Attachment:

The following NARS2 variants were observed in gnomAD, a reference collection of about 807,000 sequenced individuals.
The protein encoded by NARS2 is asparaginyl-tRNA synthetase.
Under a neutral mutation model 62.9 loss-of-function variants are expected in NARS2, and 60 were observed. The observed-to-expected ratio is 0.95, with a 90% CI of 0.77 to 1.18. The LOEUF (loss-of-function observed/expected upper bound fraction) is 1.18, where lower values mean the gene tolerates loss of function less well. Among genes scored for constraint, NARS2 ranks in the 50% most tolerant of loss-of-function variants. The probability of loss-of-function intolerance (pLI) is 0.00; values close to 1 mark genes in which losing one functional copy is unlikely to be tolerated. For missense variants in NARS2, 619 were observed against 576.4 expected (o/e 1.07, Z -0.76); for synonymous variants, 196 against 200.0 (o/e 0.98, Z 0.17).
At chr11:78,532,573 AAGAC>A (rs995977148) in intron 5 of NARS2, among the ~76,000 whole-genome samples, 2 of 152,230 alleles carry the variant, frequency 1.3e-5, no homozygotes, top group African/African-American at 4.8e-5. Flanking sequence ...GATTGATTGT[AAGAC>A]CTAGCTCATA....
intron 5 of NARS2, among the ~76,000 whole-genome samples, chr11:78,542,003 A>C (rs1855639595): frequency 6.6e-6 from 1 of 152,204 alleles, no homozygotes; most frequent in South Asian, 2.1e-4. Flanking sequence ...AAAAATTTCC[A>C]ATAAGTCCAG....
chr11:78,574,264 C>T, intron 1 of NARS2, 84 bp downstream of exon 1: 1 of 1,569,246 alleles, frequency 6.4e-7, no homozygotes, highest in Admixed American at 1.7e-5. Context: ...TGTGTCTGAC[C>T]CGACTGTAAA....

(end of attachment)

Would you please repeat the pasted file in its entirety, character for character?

The following NARS2 variants were observed in gnomAD, a reference collection of about 807,000 sequenced individuals.
The protein encoded by NARS2 is asparaginyl-tRNA synthetase.
Under a neutral mutation model 62.9 loss-of-function variants are expected in NARS2, and 60 were observed. The observed-to-expected ratio is 0.95, with a 90% CI of 0.77 to 1.18. The LOEUF (loss-of-function observed/expected upper bound fraction) is 1.18, where lower values mean the gene tolerates loss of function less well. Among genes scored for constraint, NARS2 ranks in the 50% most tolerant of loss-of-function variants. The probability of loss-of-function intolerance (pLI) is 0.00; values close to 1 mark genes in which losing one functional copy is unlikely to be tolerated. For missense variants in NARS2, 619 were observed against 576.4 expected (o/e 1.07, Z -0.76); for synonymous variants, 196 against 200.0 (o/e 0.98, Z 0.17).
At chr11:78,532,573 AAGAC>A (rs995977148) in intron 5 of NARS2, among the ~76,000 whole-genome samples, 2 of 152,230 alleles carry the variant, frequency 1.3e-5, no homozygotes, top group African/African-American at 4.8e-5. Flanking sequence ...GATTGATTGT[AAGAC>A]CTAGCTCATA....
intron 5 of NARS2, among the ~76,000 whole-genome samples, chr11:78,542,003 A>C (rs1855639595): frequency 6.6e-6 from 1 of 152,204 alleles, no homozygotes; most frequent in South Asian, 2.1e-4. Flanking sequence ...AAAAATTTCC[A>C]ATAAGTCCAG....
chr11:78,574,264 C>T, intron 1 of NARS2, 84 bp downstream of exon 1: 1 of 1,569,246 alleles, frequency 6.4e-7, no homozygotes, highest in Admixed American at 1.7e-5. Context: ...TGTGTCTGAC[C>T]CGACTGTAAA....